30th anniversary of the end of the miners’ strike

March 4, 2015 | Comments Off

Mining Equipment

This coming week marks the thirtieth anniversary of the end of the miners’ strike.

The major industrial action saw miners from across England, Scotland and Wales hold out for almost a year in response to pit closures by Margaret Thatcher’s government.

The confrontation came to be remembered as a bitter stand off between her and the National Union of Mineworkers (NUM) – headed by President Arthur Scargill.

The ending of the strike without the demands of miners being met resulted in the dissipation of much of the NUM’s power and the beginning of the end for Britain’s mining industry.

The strike ended with the National Union of Mineworkers passing a vote to return to work.

In the early 1980s the NUM were in a strong position. They had previously used industrial action successfully against Edward Heath’s government in 1974. This resulted in the government imposed electricity-saving three-day week to save electricity, the loss of a general election for Heath’s Conservatives in October 1974 and a dramatic increase in miner’s wages under the new Labour government.

The 1984-85 industrial action was triggered by Thatcher’s plans to to close 20 coal mines and longer term plans to close more than 75 pits over a three-year period.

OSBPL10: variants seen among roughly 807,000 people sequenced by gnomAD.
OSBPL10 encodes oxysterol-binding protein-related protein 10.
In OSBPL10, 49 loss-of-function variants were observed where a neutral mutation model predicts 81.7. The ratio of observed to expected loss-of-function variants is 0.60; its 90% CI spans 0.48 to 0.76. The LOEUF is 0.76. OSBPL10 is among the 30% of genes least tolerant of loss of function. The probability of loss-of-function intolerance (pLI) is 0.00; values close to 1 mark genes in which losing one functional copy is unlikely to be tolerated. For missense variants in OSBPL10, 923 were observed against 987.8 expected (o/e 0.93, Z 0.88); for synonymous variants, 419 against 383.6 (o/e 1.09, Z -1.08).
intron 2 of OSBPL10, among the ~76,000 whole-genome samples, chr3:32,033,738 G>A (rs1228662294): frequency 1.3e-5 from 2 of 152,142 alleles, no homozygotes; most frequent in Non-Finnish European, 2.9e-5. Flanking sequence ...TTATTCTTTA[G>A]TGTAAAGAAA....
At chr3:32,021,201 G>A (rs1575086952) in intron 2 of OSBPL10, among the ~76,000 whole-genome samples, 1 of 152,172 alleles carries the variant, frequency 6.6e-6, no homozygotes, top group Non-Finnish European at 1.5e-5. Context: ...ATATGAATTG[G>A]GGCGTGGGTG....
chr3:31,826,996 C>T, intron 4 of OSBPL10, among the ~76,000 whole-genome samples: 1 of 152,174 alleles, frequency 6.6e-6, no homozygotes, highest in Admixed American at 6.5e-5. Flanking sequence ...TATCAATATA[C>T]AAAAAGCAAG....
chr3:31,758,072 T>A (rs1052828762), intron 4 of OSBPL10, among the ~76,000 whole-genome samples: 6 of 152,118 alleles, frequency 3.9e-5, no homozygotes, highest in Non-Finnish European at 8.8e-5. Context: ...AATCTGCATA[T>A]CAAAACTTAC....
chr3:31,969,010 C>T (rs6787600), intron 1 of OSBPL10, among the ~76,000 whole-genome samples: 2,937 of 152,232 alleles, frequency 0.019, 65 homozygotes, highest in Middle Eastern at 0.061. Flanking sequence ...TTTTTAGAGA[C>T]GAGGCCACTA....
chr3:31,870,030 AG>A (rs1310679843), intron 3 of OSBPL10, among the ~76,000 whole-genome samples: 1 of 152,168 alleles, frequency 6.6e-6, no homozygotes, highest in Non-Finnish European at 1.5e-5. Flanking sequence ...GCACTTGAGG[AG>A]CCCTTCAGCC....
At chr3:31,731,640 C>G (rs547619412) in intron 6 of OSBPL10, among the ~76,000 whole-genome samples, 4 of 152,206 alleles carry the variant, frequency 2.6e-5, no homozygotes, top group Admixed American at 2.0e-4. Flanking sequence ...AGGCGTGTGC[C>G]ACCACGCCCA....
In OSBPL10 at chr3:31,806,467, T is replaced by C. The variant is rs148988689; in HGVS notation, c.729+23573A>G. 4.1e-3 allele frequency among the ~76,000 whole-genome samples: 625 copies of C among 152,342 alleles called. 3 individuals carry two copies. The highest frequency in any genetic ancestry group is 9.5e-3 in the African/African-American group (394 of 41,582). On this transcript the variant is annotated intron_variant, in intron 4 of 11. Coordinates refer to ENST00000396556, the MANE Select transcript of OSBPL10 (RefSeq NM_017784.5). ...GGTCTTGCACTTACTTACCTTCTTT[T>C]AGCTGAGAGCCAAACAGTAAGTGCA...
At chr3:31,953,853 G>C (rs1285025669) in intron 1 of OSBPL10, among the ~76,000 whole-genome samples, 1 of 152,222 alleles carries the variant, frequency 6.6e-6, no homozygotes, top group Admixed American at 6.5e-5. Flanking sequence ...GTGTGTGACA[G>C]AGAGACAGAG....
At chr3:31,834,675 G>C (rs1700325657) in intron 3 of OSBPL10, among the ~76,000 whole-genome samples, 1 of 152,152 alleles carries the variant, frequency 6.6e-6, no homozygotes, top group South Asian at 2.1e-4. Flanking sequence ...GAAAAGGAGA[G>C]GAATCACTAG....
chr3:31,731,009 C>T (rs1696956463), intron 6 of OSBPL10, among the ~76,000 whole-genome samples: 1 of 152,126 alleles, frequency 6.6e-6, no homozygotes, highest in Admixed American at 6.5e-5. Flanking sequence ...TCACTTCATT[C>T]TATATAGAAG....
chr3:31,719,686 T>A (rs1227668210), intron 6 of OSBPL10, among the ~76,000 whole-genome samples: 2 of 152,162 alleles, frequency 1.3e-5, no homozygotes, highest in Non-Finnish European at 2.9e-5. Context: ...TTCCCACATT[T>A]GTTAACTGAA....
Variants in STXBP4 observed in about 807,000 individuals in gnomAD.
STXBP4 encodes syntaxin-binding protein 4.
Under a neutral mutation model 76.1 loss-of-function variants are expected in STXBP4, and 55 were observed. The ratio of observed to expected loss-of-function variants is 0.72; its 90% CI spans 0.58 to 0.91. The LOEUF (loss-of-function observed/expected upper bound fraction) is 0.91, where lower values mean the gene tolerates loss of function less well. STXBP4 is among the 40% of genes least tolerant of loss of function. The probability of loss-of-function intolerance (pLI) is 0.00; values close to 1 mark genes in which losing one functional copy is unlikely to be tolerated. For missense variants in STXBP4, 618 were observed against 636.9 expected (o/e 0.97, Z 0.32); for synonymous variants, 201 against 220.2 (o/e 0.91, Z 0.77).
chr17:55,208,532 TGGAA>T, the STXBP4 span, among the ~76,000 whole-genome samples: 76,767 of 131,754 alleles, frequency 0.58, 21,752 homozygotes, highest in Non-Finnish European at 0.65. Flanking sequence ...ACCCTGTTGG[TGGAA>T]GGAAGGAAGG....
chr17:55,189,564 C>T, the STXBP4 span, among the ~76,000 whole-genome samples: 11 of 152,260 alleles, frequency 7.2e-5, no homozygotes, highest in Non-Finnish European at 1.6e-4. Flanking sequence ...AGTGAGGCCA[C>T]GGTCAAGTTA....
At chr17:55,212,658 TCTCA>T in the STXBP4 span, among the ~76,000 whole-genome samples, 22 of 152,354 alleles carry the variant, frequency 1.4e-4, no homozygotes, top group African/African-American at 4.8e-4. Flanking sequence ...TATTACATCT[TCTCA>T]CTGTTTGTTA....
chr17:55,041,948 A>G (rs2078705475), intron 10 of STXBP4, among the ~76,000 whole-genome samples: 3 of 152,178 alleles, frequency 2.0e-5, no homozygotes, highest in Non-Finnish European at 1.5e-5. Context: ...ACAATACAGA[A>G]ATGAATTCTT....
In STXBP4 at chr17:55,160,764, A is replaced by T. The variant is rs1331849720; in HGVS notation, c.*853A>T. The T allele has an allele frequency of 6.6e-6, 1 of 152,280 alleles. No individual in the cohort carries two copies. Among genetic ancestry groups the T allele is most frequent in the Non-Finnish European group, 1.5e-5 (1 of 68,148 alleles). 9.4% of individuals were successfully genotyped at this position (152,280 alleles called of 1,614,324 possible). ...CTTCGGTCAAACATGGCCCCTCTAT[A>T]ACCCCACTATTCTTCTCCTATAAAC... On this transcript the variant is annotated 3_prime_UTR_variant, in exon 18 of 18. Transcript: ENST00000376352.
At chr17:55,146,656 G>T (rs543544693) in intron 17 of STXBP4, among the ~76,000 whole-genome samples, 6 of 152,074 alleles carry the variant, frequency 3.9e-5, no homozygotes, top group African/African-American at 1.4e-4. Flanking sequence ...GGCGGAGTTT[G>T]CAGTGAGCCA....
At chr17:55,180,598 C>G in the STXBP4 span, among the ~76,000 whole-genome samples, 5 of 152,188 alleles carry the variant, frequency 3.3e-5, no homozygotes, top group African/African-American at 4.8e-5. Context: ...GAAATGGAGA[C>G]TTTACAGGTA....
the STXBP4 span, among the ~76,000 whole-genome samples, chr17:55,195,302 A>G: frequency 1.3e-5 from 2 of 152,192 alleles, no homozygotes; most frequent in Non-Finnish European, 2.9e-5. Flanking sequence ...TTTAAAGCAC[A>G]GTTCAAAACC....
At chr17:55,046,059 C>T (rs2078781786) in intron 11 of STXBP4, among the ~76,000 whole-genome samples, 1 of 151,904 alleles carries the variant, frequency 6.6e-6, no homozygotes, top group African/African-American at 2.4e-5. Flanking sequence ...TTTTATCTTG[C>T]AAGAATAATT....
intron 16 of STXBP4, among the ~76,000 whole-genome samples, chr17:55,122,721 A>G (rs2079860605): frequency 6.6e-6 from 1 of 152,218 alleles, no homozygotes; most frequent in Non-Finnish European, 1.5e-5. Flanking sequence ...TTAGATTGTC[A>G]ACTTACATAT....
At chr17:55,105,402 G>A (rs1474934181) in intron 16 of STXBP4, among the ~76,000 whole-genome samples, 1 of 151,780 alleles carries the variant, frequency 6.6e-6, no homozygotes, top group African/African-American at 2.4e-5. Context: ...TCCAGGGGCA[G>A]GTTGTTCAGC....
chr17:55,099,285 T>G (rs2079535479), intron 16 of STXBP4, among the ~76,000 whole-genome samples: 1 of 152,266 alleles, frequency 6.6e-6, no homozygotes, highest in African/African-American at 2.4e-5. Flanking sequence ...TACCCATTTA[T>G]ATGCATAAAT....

Mines had been a nationalised resource since after the Second World War but had become something of a burden on the British State – surviving in large part on government subsidies.

The official strike was called by President of the NUM Arthur Scargill on 12 March 1984.

The industrial action taken by the mineworkers was marked by mass picketing of coal mines across the United Kingdom and confrontation between those on strike and the police saw a number of individuals injured and eleven people killed.

A major incident during the strike was the ‘Battle of Orgreave’. This took place in June of 1984 and saw around 5,000 police officers facing off against roughly the same number of miners.

The incident saw miners being charged by police on horseback with truncheons. In the course of these events more that 70 police officers and 50 picketers were injured. Eventually South Yorkshire Police were made to pay out more than £400,000 in compensation to 39 miners injured on the day.
Over the course of the strike a number of methods were used to discretely attack the unions. The reach of Thatcher’s operation against the miners included the MI5, police Special Branch, GCHQ and the NSA.

Covered in Seumas Milne’s book ‘The Enemy Within’, a range of covert action taken against the NUM was justified as its leaders were considered ‘subversive’.

The strike came to an end on the first Sunday in March, 1985. After almost a year out on pickets, a delegate conference of the NUM in London voted by 98 to 91 to abandon the action and called for a return to work.

In the years since Britain’s coal mining industry has gone into terminal decline. Where there were once 170 operating coal pits across the Island, there is now only three.

The remaining coal mining industry was finally privatisated in 1994, becoming UK Coal.